Ghandi used to say that when he was thinking of recommending that the government do something, he always considered the effect of that action upon the weakest and poorest folks it would affect. Privatizing essential services means that some people get a good deal, some get a worse deal, and some get practically nothing. In India, for example, they're privatizing water supplies. Way out in the middle of nowhere, the water tap gets fitted with a gizmo so it only gives out water in metered amounts if you feed it money. Most of these people have little or no cash income. If they're going to have water, they have to sell things. They have practically nothing to sell, so they must send family members, usually children, into the towns to work so that the rest of the family can get water to drink. Problem is that there's no work, so the children either have to steal or become prostitutes. This privatization is the worst example of bad theories being put into worse practice.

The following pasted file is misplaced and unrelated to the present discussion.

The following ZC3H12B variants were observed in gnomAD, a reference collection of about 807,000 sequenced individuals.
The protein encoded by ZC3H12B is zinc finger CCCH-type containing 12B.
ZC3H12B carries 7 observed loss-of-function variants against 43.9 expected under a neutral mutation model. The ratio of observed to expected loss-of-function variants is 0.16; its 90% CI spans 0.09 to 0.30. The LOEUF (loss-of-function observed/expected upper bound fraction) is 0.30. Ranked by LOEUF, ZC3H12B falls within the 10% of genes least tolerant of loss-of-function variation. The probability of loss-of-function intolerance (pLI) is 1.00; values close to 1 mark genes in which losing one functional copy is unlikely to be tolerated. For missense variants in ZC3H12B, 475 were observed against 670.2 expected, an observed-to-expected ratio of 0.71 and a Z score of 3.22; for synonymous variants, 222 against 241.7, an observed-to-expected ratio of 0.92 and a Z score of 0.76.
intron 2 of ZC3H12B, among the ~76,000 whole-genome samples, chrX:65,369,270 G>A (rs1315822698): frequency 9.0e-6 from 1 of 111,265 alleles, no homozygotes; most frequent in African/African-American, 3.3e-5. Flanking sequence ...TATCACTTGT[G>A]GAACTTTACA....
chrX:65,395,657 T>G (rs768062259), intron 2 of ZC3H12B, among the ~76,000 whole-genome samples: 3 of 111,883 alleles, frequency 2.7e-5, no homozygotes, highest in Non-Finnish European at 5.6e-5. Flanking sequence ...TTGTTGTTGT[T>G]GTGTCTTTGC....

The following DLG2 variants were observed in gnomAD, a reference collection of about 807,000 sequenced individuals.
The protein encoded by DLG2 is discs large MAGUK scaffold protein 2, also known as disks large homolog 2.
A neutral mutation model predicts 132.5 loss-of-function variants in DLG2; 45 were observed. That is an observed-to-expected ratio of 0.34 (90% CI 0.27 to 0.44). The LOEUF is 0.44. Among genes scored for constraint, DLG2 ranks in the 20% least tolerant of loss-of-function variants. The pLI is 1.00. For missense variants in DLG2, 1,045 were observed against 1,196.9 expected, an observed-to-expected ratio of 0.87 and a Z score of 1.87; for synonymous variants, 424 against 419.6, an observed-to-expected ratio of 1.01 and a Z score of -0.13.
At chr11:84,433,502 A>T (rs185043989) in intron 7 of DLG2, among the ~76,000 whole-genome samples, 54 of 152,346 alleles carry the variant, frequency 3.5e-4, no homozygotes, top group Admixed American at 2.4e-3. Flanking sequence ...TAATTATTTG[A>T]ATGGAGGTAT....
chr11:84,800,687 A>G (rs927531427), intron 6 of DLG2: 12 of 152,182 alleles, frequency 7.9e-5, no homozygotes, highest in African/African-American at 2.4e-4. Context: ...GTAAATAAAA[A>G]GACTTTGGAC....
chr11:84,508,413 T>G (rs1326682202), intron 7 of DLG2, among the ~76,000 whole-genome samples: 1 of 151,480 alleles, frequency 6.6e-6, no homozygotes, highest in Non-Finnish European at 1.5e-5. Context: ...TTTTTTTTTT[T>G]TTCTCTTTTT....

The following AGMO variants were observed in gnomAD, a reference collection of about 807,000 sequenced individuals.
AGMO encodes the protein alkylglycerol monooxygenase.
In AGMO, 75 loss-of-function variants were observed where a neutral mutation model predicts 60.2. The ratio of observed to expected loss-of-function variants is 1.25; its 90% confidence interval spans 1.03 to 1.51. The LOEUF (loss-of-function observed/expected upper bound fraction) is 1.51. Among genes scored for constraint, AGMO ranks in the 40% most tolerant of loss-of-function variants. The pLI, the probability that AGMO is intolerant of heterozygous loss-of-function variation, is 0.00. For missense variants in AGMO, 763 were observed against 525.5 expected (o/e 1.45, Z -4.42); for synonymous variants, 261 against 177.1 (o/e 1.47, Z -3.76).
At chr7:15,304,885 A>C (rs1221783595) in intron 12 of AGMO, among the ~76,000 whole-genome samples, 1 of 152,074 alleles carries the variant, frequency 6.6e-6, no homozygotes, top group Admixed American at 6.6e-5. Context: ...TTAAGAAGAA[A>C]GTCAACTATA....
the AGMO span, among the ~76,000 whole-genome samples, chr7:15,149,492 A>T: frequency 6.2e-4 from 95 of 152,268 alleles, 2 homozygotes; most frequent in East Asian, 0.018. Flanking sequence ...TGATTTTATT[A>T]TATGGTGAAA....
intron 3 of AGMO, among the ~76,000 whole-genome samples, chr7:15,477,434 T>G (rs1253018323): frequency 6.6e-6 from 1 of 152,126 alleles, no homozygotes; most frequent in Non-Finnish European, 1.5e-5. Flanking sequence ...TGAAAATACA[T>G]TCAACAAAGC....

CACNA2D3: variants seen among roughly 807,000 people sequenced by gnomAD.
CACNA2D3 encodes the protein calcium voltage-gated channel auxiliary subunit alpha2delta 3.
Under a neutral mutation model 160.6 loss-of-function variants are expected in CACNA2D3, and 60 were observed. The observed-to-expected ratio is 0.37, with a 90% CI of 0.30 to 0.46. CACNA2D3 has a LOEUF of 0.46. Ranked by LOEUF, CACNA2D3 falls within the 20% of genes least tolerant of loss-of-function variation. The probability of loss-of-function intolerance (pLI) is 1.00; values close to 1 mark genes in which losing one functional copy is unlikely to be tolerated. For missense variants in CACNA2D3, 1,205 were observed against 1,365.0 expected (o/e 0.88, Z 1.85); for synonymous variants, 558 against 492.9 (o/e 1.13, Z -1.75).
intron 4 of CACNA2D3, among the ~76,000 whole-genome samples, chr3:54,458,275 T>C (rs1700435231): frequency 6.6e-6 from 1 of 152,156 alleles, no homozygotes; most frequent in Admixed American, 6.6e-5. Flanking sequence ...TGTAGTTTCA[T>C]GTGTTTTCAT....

If you want to see what a boon privatization is to an essential service -- how much lower it drives costs and how much better and more efficiently it works -- you have to look no further than our own health care delivery system. In this system, millions of people have no health care. Millions more have so little that if anyone in the family gets really sick, they lose the family home or business. How much will you pay to cure a sick child? How much is it worth to you to reduce the suffering of someone you love? Enough to make medical insurance companies and pharmaceutical companies some of the most profitable business concerns on the planet.

I wonder why people will gamble everything they have worked their lifetime to get and risk losing it all in a few short months rather than pay a modest amount every week or month? When they can afford it, and it is offered, they pay this kind of cost gladly to an insurance firm. But they get all bent out of shape if you suggest that they pay the same amount to a government agency that guarantees everyone a minimum standard of health care, regardless of their income.